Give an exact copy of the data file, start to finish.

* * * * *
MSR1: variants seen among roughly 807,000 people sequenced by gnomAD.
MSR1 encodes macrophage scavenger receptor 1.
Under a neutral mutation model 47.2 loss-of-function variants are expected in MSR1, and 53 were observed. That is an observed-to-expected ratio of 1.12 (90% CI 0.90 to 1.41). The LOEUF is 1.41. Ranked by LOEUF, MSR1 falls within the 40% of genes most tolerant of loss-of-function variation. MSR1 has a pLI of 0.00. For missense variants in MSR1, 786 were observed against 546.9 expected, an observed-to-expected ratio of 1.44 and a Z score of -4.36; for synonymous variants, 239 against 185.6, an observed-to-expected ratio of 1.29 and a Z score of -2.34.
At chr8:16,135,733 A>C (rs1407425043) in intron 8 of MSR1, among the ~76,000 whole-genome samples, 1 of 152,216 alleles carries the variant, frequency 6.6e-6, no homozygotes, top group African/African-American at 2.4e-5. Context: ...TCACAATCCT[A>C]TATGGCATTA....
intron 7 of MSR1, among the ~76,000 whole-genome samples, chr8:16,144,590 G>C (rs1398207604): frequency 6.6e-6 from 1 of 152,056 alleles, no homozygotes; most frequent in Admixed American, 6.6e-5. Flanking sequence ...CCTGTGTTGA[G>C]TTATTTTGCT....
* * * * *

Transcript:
MSR1: variants seen among roughly 807,000 people sequenced by gnomAD.
MSR1 encodes macrophage scavenger receptor 1.
Under a neutral mutation model 47.2 loss-of-function variants are expected in MSR1, and 53 were observed. That is an observed-to-expected ratio of 1.12 (90% CI 0.90 to 1.41). The LOEUF is 1.41. Ranked by LOEUF, MSR1 falls within the 40% of genes most tolerant of loss-of-function variation. MSR1 has a pLI of 0.00. For missense variants in MSR1, 786 were observed against 546.9 expected, an observed-to-expected ratio of 1.44 and a Z score of -4.36; for synonymous variants, 239 against 185.6, an observed-to-expected ratio of 1.29 and a Z score of -2.34.
At chr8:16,135,733 A>C (rs1407425043) in intron 8 of MSR1, among the ~76,000 whole-genome samples, 1 of 152,216 alleles carries the variant, frequency 6.6e-6, no homozygotes, top group African/African-American at 2.4e-5. Context: ...TCACAATCCT[A>C]TATGGCATTA....
intron 7 of MSR1, among the ~76,000 whole-genome samples, chr8:16,144,590 G>C (rs1398207604): frequency 6.6e-6 from 1 of 152,056 alleles, no homozygotes; most frequent in Admixed American, 6.6e-5. Flanking sequence ...CCTGTGTTGA[G>C]TTATTTTGCT....